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UN chief calls out Japan to think forward with China, S. Korea

2015-03-17 09:25 CRIENGLISH.com Web Editor: Wang Fan

UN Chief Ban Ki-moon has called out Japanese Prime Minister Shinzo Abe's administration, suggesting his government needs to do more to foster better ties with both China and South Korea.

Delivering a speech in Tokyo to commemorate the 70th anniversary of the establishment of the United Nations, Ban Ki-moon says the UN has been pushing for regional cooperation in different parts of the world, but says northeast Asia remains "a missing link."

Speaking after the UN chief, Shinzo Abe did not respond to Ban Ki-moon's suggestion, but did say Japan is "built on deep regret over the past war."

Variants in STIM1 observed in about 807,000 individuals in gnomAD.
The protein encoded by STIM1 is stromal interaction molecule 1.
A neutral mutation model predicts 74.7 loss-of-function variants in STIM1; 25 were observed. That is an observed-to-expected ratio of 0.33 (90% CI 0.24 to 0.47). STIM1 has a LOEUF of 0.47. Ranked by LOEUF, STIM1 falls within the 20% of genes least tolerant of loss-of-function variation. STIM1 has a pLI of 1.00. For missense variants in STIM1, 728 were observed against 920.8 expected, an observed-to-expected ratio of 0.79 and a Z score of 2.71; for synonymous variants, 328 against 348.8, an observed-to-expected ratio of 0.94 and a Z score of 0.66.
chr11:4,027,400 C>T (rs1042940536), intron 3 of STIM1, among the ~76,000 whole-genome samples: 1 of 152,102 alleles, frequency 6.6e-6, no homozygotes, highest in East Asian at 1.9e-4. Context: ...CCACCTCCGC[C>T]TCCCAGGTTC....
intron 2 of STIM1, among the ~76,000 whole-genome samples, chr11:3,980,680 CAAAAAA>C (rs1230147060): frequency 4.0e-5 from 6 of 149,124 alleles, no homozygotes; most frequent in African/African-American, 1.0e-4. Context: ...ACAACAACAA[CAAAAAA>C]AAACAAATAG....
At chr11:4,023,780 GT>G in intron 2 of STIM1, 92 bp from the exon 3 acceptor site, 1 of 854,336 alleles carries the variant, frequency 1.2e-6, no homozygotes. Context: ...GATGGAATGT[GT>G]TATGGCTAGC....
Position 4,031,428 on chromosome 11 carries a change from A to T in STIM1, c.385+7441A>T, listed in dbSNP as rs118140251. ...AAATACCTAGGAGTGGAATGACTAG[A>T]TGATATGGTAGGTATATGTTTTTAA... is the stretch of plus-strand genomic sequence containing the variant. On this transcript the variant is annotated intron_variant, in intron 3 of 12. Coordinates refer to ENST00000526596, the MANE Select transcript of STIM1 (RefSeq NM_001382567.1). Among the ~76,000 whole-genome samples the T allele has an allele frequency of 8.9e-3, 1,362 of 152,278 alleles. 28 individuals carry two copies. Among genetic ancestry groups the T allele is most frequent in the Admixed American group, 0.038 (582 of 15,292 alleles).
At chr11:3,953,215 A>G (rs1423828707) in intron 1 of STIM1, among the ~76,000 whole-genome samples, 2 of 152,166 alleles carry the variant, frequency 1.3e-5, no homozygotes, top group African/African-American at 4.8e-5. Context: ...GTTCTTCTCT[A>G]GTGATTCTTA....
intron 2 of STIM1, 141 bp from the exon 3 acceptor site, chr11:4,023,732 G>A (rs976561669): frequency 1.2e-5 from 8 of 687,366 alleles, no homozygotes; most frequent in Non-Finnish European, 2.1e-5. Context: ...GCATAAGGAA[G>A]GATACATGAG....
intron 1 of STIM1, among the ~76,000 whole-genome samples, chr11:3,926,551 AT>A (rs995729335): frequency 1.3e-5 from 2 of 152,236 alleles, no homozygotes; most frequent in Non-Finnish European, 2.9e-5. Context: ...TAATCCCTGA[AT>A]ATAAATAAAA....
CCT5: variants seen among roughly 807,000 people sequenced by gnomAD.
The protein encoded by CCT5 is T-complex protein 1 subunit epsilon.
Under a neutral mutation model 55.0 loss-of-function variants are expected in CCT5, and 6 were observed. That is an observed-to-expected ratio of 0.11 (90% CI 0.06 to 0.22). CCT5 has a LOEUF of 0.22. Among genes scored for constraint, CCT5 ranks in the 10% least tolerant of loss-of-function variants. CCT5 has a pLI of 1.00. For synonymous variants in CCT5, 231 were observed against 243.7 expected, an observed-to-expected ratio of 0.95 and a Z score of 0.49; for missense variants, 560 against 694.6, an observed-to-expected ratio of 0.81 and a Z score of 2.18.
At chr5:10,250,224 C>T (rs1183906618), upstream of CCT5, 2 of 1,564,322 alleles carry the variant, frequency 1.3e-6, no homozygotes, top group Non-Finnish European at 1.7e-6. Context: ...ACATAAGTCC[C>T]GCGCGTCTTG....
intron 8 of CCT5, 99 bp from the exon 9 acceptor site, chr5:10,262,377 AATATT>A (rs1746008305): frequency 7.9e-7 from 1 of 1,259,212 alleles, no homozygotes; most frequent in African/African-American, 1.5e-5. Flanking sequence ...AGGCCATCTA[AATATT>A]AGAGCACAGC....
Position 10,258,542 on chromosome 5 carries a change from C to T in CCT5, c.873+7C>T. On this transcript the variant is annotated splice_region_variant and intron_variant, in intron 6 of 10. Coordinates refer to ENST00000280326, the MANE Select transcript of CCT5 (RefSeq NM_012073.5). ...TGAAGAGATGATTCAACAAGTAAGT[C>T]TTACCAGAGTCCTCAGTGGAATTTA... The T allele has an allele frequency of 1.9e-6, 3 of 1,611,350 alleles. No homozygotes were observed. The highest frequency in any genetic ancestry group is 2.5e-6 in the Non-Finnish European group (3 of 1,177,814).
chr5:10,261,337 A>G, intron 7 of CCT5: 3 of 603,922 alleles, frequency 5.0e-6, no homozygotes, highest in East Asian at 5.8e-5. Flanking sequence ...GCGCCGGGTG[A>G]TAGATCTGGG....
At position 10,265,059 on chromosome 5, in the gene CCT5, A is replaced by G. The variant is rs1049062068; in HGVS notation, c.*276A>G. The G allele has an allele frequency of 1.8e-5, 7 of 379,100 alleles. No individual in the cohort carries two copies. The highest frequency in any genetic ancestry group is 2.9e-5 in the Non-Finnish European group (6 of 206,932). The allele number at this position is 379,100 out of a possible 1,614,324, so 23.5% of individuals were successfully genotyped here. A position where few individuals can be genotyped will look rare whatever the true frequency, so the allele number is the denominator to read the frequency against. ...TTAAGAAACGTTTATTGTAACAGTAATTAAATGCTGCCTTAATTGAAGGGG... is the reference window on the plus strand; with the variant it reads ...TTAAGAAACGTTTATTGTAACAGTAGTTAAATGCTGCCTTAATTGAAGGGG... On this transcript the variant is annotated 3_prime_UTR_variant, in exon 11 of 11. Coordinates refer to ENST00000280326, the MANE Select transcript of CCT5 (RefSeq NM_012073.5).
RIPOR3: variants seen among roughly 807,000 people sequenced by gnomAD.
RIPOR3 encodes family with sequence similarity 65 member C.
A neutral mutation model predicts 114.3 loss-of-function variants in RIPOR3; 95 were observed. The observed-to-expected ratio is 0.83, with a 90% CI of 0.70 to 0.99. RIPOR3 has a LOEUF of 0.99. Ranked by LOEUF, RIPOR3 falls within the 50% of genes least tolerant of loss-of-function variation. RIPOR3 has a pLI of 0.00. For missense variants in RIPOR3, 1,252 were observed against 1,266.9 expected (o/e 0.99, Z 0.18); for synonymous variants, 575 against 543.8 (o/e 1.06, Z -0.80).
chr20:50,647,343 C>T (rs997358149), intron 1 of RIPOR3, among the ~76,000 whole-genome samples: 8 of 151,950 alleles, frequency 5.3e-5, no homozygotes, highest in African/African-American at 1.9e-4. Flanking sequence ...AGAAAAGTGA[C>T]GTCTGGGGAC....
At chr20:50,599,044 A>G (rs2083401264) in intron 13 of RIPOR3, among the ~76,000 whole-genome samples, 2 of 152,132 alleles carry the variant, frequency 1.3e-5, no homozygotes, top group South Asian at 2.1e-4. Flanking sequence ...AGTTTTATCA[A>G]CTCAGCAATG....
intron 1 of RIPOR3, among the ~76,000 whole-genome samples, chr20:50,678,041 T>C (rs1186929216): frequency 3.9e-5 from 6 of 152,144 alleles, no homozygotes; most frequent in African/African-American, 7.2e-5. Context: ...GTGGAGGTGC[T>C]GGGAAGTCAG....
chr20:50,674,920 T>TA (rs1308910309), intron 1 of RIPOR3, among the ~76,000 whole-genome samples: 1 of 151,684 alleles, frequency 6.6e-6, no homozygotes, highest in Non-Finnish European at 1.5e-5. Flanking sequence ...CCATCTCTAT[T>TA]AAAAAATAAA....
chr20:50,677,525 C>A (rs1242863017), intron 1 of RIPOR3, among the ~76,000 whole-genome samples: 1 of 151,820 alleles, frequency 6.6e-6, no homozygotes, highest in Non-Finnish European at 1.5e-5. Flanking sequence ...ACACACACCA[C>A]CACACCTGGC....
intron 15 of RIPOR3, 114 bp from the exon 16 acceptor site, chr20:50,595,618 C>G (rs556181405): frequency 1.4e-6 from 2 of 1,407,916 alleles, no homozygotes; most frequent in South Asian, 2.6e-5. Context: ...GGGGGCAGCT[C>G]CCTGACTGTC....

Japanese political observer Morita Minoru suggests Abe's comments don't go far enough.

"Japan has an unshakable responsibility for World War II. Therefore, to realize peace has become Japan's current biggest responsibility. If we neglect this basic point and fail to maintain the peaceful relations with our neighboring countries, then whatever Japan does is meaningless. I believe what Abe is doing is totally wrong."

Japan's relationship with China and South Korea has been strained in recent years amid disputes over both historical and territorial issues.

Political observers in Japan expect Shinzo Abe may move to water-down previous admissions of Japanese wrong-doing as part of a speech later this year marking the 70th anniversary of World War II.

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